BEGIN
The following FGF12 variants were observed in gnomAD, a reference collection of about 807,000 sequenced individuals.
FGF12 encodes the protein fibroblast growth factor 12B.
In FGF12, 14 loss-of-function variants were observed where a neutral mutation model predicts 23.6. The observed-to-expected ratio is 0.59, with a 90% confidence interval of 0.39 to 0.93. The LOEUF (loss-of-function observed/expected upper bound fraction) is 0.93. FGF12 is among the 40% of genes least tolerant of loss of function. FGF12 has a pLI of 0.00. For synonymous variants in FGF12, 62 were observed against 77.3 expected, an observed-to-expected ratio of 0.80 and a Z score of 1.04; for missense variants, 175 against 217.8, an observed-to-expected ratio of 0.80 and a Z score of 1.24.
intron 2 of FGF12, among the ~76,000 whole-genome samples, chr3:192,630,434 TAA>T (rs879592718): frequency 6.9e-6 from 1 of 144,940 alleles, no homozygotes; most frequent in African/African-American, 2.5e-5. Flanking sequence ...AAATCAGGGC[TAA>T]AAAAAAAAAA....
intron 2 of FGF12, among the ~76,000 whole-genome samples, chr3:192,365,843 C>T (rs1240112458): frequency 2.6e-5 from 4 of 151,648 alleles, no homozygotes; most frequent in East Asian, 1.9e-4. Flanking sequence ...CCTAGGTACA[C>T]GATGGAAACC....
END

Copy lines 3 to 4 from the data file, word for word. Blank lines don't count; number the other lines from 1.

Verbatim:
In FGF12, 14 loss-of-function variants were observed where a neutral mutation model predicts 23.6. The observed-to-expected ratio is 0.59, with a 90% confidence interval of 0.39 to 0.93. The LOEUF (loss-of-function observed/expected upper bound fraction) is 0.93. FGF12 is among the 40% of genes least tolerant of loss of function. FGF12 has a pLI of 0.00. For synonymous variants in FGF12, 62 were observed against 77.3 expected, an observed-to-expected ratio of 0.80 and a Z score of 1.04; for missense variants, 175 against 217.8, an observed-to-expected ratio of 0.80 and a Z score of 1.24.
intron 2 of FGF12, among the ~76,000 whole-genome samples, chr3:192,630,434 TAA>T (rs879592718): frequency 6.9e-6 from 1 of 144,940 alleles, no homozygotes; most frequent in African/African-American, 2.5e-5. Flanking sequence ...AAATCAGGGC[TAA>T]AAAAAAAAAA....